As a pastor and a police chaplain, every week I’m comforting someone who is facing the reality that we are all terminal. I prayed with two cops yesterday – one whose 62 year old mother died of a heart attack and another whose 66 year old mother just found out she has an advanced stage of cancer. The one common thing that all of us want when we consider the end of our lives is this: Did we live a life that mattered?

 

We all want to matter. We want our lives to have counted for something. We don’t want to live in such a way that we didn’t leave a footprint. We want to know that our lives weren’t lived in vain. We question: Did we contribute? Did we make a difference? Will any one remember us?

My pastoral role has placed me in a morgue with brothers confirming the identity of their 19 year old sister, at a suicide scene comforting devastated parents, beside a hospital bed with a spouse as the life-support machines were unplugged and the EKG monitor conclusively flat-lined, and in a hospital emergency room telling young parents that the medical staff had tried everything but they couldn’t bring their child back. These are just a few samples from the last three decades.

I know you might think it’s morbid to talk about death–-that maybe I’m a bit abnormal. But actually, it’s unhealthy to live in denial of death and not consider the inevitable. Only a foolish person would go through life unprepared for what we all know will eventually happen.

When I’m speaking at funerals, I love to get family members, friends and acquaintances thinking about their own legacies. I like to ask: How do you need to live today so that you will be remembered as someone whose life really mattered? What is currently at the top of your priority list and is that what really matters most? What will be your contribution today to those who will be memorializing you later? What will they say about you and how you lived your life when you are the one being eulogized?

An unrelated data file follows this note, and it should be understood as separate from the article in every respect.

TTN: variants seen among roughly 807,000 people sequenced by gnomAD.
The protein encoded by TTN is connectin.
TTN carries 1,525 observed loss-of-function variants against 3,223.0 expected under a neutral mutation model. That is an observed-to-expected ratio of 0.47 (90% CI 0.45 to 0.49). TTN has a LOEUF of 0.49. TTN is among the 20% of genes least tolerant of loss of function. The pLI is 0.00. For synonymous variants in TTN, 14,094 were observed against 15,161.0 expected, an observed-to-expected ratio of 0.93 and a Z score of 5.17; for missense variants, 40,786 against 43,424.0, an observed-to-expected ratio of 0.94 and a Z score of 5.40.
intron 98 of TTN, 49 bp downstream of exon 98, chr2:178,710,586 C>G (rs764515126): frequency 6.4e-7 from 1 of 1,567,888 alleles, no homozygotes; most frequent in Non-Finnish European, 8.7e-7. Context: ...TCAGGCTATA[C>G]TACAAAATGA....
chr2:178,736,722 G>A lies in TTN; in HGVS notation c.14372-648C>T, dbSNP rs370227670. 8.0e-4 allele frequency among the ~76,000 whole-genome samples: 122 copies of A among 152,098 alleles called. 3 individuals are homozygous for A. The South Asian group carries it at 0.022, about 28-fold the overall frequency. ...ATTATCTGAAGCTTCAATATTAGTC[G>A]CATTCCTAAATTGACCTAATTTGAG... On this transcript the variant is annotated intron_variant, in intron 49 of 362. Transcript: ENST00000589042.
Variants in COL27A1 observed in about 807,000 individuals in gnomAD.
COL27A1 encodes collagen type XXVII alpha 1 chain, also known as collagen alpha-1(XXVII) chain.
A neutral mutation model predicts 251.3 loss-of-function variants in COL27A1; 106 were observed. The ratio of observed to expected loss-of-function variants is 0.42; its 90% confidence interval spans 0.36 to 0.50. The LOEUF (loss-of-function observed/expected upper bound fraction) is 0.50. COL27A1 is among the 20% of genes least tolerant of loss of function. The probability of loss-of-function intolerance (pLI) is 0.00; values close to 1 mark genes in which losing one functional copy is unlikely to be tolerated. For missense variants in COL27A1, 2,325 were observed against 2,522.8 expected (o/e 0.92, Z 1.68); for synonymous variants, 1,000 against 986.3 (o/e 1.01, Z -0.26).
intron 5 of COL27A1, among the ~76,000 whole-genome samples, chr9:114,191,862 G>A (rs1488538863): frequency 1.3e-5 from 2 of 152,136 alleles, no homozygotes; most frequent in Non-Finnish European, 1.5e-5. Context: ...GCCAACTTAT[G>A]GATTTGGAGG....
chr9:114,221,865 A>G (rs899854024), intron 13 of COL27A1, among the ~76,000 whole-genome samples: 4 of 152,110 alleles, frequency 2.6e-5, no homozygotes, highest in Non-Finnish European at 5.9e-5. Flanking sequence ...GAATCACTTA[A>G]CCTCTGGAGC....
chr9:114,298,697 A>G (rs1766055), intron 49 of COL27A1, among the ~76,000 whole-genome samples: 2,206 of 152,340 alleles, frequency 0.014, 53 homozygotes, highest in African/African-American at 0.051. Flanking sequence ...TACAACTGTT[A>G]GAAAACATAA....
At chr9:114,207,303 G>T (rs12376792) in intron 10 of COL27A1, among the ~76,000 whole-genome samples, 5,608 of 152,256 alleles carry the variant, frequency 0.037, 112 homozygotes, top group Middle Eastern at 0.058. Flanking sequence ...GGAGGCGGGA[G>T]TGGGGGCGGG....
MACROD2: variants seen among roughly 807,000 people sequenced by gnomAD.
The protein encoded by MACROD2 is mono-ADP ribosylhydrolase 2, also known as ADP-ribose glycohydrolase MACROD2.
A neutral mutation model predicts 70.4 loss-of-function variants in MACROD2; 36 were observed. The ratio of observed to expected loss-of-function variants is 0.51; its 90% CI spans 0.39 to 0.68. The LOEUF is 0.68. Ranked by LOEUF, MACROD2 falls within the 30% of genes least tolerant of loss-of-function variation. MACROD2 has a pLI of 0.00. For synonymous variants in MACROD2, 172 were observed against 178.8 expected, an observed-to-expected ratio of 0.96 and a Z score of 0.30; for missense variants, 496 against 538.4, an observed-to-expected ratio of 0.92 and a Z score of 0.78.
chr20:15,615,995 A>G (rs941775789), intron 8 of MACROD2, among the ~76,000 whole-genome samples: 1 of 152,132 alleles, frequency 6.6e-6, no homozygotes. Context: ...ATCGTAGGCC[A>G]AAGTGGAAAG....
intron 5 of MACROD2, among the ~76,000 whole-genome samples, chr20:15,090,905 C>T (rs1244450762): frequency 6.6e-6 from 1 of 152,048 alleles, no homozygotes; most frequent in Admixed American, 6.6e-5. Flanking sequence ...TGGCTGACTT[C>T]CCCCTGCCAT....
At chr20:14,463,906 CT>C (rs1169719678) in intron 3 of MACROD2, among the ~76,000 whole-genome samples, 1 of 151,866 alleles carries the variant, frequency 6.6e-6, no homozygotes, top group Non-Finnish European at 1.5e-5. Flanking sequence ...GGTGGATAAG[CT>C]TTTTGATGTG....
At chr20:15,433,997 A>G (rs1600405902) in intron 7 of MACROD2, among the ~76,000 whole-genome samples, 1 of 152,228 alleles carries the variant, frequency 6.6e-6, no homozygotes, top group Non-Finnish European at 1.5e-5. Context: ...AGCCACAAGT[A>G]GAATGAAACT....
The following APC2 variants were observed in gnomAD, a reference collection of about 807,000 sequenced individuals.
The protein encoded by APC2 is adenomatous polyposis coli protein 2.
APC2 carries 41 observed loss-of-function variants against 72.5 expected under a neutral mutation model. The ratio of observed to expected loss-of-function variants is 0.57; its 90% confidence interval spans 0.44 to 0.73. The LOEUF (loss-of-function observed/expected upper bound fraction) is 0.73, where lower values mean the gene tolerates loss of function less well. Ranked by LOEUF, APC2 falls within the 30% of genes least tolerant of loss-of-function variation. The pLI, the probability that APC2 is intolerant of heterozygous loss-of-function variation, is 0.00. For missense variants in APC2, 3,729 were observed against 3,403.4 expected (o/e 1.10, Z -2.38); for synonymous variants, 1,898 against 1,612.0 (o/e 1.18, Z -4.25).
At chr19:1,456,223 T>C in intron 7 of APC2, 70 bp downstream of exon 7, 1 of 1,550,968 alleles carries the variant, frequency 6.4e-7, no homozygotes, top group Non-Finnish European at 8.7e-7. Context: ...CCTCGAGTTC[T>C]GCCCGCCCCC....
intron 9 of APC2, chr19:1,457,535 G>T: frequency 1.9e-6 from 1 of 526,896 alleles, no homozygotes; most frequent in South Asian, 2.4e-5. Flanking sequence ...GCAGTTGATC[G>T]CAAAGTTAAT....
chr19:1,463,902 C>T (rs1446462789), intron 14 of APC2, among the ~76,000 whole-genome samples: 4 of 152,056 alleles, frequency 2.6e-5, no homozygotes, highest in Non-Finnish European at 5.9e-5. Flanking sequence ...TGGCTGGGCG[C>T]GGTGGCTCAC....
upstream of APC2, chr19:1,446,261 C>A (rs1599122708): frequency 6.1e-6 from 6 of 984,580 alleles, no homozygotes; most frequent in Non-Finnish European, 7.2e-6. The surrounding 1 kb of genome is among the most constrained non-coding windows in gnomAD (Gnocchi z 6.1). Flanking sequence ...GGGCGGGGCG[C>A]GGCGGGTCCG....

My mission is to inspire transformissional living— especially in adults over 50. I love to see people still being transformed relationally, spiritually and emotionally as they mature. I’m passionate about helping folks be very intentional and purposeful about using their time, talent and treasure well as they play in the second half of the game. So, I won’t sidestep hard discussions about topics we prefer to ignore.

So I conclude by asking, are you living in such a way now that you will know at the end that your life truly mattered? If yes, what more of the right things do you need to do more often to increase your impact so that everyone around you will also know that your life mattered? If not, what needs to change and when and how will that change begin?

 

QUESTION: What measurement are you using to know for sure that your life really matters?  Please share your answer in the comment section below.

One response to A Life That Matters

  1. Pingback: Persistent or Tenacious? | DENNIS GINGERICH

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